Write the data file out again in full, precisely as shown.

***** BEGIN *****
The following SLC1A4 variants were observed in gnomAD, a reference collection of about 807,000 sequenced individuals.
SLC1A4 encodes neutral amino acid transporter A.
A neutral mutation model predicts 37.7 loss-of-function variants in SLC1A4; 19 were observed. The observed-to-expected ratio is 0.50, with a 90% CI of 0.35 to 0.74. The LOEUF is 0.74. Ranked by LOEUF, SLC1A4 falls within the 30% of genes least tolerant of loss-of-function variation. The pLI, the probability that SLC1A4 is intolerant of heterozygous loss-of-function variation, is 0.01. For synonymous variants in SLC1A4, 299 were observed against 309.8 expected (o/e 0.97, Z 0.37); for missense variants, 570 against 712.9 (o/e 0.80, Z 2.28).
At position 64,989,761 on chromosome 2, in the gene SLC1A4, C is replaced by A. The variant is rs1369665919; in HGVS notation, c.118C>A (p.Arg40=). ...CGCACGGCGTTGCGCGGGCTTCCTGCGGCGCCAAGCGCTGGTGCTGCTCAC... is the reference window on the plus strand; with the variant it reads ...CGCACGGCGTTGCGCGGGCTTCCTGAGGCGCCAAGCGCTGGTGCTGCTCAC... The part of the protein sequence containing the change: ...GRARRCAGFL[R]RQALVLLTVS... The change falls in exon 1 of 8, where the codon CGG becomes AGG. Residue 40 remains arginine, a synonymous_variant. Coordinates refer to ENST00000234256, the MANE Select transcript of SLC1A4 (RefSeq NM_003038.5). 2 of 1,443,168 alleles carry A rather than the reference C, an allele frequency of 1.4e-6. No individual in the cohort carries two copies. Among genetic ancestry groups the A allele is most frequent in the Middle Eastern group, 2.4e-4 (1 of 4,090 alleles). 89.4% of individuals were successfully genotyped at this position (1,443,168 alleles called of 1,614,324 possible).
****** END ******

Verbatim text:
The following SLC1A4 variants were observed in gnomAD, a reference collection of about 807,000 sequenced individuals.
SLC1A4 encodes neutral amino acid transporter A.
A neutral mutation model predicts 37.7 loss-of-function variants in SLC1A4; 19 were observed. The observed-to-expected ratio is 0.50, with a 90% CI of 0.35 to 0.74. The LOEUF is 0.74. Ranked by LOEUF, SLC1A4 falls within the 30% of genes least tolerant of loss-of-function variation. The pLI, the probability that SLC1A4 is intolerant of heterozygous loss-of-function variation, is 0.01. For synonymous variants in SLC1A4, 299 were observed against 309.8 expected (o/e 0.97, Z 0.37); for missense variants, 570 against 712.9 (o/e 0.80, Z 2.28).
At position 64,989,761 on chromosome 2, in the gene SLC1A4, C is replaced by A. The variant is rs1369665919; in HGVS notation, c.118C>A (p.Arg40=). ...CGCACGGCGTTGCGCGGGCTTCCTGCGGCGCCAAGCGCTGGTGCTGCTCAC... is the reference window on the plus strand; with the variant it reads ...CGCACGGCGTTGCGCGGGCTTCCTGAGGCGCCAAGCGCTGGTGCTGCTCAC... The part of the protein sequence containing the change: ...GRARRCAGFL[R]RQALVLLTVS... The change falls in exon 1 of 8, where the codon CGG becomes AGG. Residue 40 remains arginine, a synonymous_variant. Coordinates refer to ENST00000234256, the MANE Select transcript of SLC1A4 (RefSeq NM_003038.5). 2 of 1,443,168 alleles carry A rather than the reference C, an allele frequency of 1.4e-6. No individual in the cohort carries two copies. Among genetic ancestry groups the A allele is most frequent in the Middle Eastern group, 2.4e-4 (1 of 4,090 alleles). 89.4% of individuals were successfully genotyped at this position (1,443,168 alleles called of 1,614,324 possible).